EVEN FOR AN ELECTORATE accustomed to having to hold its nose and choose between two unappealing candidates, this one's a stinker. The general election this November features a City Council race that might be the most odious ballot choice in memory.
On the one hand, we have an incumbent who deserves to lose. That would be Jim Compton, the first-term former TV journalist and commentator who's been tainted of late by scandal. Not only was Compton one of the Strippergate Three, but he was caught rubbing elbows with Paul Allen's posse, whisked away by private PaulJet to Portland to attend a game of Allen's NBA Trail Blazers at a time when Allen's Vulcan holding company needs council backing for his ambitious plans to remake South Lake Union (see "South Lake Disunion," p. 22).
Compton's response to that little flap speaks volumes about the arrogance and insincerity that have marked his term. He noisily pledged to abstain from voting on issues related to Vulcan's South Lake Union plans for one year. Only later did we learn that his show of contrition was meaninglesshe only agreed to abstain from votes on rezoning, which won't come up in the next year. Meanwhile, if re-elected, he'll continue to weigh in on the important votes: whether to spend the cash-strapped city's money on infrastructure for Paul.
THAT SORT OF arrogance and contempt for ordinary taxpayers has been the hallmark of Compton's termfour years spent trading votes and stonewalling the public. Remember the note passed to Compton during a council session last year on behalf of Mayor Greg Nickels, regarding money for that fire truck Compton wanted to save at Green Lake? The mayor was holding the fire truck hostage over his own office's budget allocation, and Compton caved. It took a Seattle Times open-records-law request to find out what caused Compton to change his vote. And in the area where Compton has the greatest responsibility, as chair of the council's Police, Fire, Courts, and Technology Committee, Compton has become a reliable roadblock to desperately needed police accountability.
In a year when local voter anger with incumbents seems nearly universal, Compton should be out on his head. So who survived the primary to appear on the ballot against him? John Manning, a man whose entire campaign can be summed up in a sentence: Vote for John Manning, a former police officer who refuses to be accountable for multiple incidents of domestic violence.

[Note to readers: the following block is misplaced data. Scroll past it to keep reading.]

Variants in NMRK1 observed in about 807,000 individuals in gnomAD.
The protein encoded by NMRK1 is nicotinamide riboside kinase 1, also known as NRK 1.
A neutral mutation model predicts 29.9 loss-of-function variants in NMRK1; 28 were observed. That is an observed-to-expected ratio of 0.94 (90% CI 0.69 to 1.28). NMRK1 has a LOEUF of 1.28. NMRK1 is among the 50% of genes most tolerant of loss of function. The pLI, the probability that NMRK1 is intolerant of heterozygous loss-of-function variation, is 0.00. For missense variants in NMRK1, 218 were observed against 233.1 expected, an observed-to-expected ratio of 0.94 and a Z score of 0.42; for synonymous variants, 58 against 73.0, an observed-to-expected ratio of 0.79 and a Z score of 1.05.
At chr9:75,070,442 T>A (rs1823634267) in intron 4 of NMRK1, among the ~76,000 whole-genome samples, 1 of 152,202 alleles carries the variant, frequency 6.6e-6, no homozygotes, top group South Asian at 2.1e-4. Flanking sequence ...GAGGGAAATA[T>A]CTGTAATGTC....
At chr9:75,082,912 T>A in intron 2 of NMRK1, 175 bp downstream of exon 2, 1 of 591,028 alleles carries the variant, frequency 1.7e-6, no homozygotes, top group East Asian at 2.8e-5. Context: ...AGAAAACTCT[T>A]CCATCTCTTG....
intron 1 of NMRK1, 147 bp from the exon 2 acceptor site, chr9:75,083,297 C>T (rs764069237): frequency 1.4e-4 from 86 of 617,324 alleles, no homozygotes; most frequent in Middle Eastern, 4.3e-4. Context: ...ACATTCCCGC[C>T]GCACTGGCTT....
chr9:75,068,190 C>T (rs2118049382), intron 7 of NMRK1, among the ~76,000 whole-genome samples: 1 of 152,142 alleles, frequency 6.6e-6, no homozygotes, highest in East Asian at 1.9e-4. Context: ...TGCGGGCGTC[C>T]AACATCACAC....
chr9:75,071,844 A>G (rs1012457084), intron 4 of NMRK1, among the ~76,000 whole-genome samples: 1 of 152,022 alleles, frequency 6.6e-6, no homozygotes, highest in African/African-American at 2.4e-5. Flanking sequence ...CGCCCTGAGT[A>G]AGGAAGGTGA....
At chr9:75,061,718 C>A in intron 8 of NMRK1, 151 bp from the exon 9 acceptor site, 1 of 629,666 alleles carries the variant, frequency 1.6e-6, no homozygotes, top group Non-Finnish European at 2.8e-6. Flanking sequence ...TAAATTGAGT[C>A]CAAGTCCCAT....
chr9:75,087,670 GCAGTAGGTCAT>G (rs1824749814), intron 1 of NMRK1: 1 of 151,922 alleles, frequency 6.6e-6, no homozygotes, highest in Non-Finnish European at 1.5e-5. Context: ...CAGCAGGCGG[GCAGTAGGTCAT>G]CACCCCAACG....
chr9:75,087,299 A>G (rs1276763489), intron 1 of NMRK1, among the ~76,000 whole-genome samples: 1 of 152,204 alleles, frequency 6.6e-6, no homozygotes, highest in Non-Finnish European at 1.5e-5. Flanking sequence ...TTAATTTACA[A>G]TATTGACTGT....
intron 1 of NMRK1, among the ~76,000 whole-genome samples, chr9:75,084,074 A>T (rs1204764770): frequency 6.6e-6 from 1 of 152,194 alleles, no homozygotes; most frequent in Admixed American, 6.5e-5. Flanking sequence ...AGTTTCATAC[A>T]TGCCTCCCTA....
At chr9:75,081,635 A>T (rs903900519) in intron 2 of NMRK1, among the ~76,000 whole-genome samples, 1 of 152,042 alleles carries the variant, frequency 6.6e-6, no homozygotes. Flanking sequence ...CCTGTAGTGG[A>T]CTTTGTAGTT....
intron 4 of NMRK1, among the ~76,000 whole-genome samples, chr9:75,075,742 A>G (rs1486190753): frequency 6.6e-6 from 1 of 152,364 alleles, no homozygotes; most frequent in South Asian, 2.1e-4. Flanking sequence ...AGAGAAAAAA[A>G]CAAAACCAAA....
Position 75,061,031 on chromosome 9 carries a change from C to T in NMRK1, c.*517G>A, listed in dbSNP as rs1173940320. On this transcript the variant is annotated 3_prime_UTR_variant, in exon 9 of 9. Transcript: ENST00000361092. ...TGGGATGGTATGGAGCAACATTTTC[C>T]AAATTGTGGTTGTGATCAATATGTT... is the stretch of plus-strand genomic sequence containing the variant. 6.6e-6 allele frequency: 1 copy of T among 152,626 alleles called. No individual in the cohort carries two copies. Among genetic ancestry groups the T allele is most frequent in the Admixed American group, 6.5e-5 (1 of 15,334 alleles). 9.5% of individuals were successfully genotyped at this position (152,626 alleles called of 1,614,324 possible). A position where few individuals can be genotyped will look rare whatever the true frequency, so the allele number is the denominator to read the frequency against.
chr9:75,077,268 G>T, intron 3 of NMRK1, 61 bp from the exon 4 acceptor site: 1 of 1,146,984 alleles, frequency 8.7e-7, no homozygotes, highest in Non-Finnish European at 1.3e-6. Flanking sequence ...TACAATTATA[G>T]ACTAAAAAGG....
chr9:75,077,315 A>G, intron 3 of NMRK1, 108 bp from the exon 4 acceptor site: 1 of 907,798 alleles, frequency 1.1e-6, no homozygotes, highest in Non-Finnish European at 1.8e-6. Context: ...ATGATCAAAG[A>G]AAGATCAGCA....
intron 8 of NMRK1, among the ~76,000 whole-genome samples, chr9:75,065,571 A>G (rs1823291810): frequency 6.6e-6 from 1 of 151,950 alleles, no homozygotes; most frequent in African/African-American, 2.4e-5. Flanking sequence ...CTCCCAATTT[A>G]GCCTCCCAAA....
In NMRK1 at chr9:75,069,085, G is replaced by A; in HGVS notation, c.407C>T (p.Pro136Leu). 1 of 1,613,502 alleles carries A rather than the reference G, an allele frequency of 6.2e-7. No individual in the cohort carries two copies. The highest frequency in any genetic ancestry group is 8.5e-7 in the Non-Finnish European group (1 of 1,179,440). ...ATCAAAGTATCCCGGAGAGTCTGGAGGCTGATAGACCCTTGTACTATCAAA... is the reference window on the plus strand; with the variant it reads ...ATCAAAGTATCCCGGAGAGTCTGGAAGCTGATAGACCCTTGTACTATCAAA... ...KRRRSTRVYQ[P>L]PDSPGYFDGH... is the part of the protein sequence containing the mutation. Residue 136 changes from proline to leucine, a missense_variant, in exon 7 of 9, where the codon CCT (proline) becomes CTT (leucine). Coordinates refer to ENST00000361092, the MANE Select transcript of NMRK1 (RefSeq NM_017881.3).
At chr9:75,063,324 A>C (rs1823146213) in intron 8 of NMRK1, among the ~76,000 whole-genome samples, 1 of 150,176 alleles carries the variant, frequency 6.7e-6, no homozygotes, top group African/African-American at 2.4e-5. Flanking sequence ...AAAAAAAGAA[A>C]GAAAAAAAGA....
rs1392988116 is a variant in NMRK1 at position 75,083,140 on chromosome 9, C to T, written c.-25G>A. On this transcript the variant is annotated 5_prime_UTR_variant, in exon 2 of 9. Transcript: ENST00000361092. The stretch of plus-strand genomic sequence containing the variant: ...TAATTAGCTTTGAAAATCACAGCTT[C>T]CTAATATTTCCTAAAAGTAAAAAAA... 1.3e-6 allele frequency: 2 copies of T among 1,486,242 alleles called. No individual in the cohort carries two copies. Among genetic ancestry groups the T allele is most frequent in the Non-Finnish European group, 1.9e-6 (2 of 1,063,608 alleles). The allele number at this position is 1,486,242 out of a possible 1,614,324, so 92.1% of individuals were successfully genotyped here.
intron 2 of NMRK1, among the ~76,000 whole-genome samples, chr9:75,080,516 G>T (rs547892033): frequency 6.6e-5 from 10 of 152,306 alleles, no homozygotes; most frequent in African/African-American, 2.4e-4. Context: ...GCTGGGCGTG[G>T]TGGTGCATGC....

Manning resigned in 1996, after a year on the council, when an allegation of domestic violence against himhis thirdbecame public. Seven years later, he dismisses it as no big dealsomething he shouldn't have done, sure, but the whole thing was overblown.
Now there's an alternative for voters appalled by Compton's contempt for Seattle Police Department critics, a way to send a powerful message that nobody's above the law.
This is a race that the "write-in" line on your ballot was meant for. And this is a moment that is as perfect as any imaginable for a concerted, visible, credible write-in campaign.
WRITE-INS TAKE OFF when there's an incumbent tainted by scandal after the filing deadline or a large, unrepresented constituency. We now have both: multiple scandals for Compton, who told the South Seattle Star's editorial board that South Seattle has a fine advocate on the councilin Richard McIver.
Someone like Carl Mack, the fiery new head of the Seattle branch of the NAACP, or Lisa Dugard, a civil-liberties attorney, could put a lot of heat on Compton and bring a lot of attention to their own issues. Mount a campaign, show up at every forum and election event for the next five weeks. Give voters a choice.
But why stop there? South Seattle in general needs better representation on the council. So do Seattle's burgeoning immigrant and nonwhite communities. Say, whatever happened to that Green Party majority on the City Council? Surely, local progressives can do better than Lisa Averill and Angel Bolaños. Among the Greens, Joe Szwaja or Kara Ceriello already have some name recognition. Meanwhile, Republicans might want a genuine conservative running in this campaign somewhere. Not only are all nine council members various shades of Democrat, so are all of the opponents. Why wait for districts?
SPEAKING OF WHICH, running citywide heavily favors incumbents and people with name recognitionlike Compton four years ago, or Jean Godden now. The lack of districts or some other sort of proportional representation accounts for Seattle's homogenous councilnine liberal Dems, eight white people. (Then again, districts invite ward politicsa system made for overlooking minor problems like jet rides from rich people or bouncing your wife off a car hood.)
The district initiative might or might not pass in November. But as it stands, it's certain that one of two badly flawed menCompton or Manningwill sit on the City Council next year.
Unless someone better steps forward and challenges them. Now. Please.